Being Dead Is No Excuse for Not Being Environmentally Conscious

By Emily Elert | May 25, 2010 5:38 pm

dead-bodyNo one dreams of leaving a lasting carbon footprint on the world when they depart. But if it’s a choice between that and being reduced to a brown soupy liquid and a pile of bones, which option would you take?

The California legislature is considering allowing funeral homes to provide a third alternative to burial or cremation. Instead of hauling out the backhoe or firing up an incinerator to dispose of human remains, funeral directors could offer a method called alkaline hydrolysis or “bio-cremation.” This technique uses hot water, pressure, and sodium- or potassium-hydroxide (the strongly basic chemicals often referred to as lye) to break down the body’s tissues into simple molecules in a matter of a few hours.

Proponents of bio-cremation say it’s the eco-friendly death option. They note that cremation produces air pollution and greenhouse gases, while burials use tons of wood for caskets and involve treating bodies with hazardous embalming chemicals.

Four other states have already approved bio-cremation, but before funeral homes can offer the service, they have to figure out what to do with the environmentally friendly liquid remains. Last week, an undertaking service in Minnesota asked its local city council for permission to pour it down the drain.

Out of respect for the dead, or reverence for the city’s sewer system, or maybe just gut-level disgust, the council rejected the proposal.

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Image: iStockphoto

MORE ABOUT: burial, death, pollution
  • JJ

    or we could just bury people without caskets…it’s free and eco-friendly!

  • Michael

    Great idea. Turn it into some form of fertiliser, why not? After all the human body is essentially a huge megapile of nutrients. You can dub it as “returning the body to mother earth” and market it as an environmental project, then make millions from the resulting patents and boost plantation growth and eventually help reduce world hunger! How cool would it be eh, to save humans from dying from hunger by feeding plants with humans XD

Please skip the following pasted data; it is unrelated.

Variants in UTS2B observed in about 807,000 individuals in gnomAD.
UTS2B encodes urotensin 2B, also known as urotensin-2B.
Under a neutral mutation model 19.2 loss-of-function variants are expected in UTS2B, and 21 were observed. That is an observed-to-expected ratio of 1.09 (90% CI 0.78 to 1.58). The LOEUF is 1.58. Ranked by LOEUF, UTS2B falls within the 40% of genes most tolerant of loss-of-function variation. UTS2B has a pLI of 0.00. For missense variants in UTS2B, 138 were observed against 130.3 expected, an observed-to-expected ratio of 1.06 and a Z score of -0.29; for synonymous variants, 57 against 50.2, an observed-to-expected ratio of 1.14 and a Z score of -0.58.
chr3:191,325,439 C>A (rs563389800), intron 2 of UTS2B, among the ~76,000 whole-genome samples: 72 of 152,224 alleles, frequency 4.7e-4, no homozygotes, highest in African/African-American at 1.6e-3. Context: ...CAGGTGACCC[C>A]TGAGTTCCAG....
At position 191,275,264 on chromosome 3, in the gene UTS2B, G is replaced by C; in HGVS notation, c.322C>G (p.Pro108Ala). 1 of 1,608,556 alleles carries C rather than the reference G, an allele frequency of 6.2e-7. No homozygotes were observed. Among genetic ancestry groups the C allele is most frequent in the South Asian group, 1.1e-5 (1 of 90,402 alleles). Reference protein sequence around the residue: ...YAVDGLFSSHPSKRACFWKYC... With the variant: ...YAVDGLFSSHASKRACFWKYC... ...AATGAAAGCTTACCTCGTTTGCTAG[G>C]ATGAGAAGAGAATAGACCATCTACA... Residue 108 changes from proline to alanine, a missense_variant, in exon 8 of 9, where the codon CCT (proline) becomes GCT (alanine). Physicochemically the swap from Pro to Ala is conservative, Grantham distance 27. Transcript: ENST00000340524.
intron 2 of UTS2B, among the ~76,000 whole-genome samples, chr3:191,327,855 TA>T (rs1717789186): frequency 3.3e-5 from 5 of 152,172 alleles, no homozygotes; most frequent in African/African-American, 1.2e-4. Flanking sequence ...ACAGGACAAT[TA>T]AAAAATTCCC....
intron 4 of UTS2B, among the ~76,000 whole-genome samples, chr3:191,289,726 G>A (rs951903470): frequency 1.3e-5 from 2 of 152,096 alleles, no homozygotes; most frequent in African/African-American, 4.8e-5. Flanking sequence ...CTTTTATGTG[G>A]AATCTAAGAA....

Okay maybe it wouldn’t be that great an idea, considering today’s culture – but hey it’s a heck of a business idea eh?

  • np

    (1) burying still takes up lot of land … we have burrial grounds in the middle of the city in many cities and they had to be moved or worked around. (2) without using some chemicals the decomposition may lead to other environmental problems … smell, and other health related issues. (3) Death – by its very nature is a difficult thing to deal with – I read somewhere that our DNA is programmed to NOT to think about death ahead of time – and when we HAVE to deal with someone’s death, it is TOO emotional. (4) Funerals are already too expensive – no matter how it is done. Last thing we need is more business people trying to exploit distressed people. Business people (or any others) should think about saving money, and saving the environment.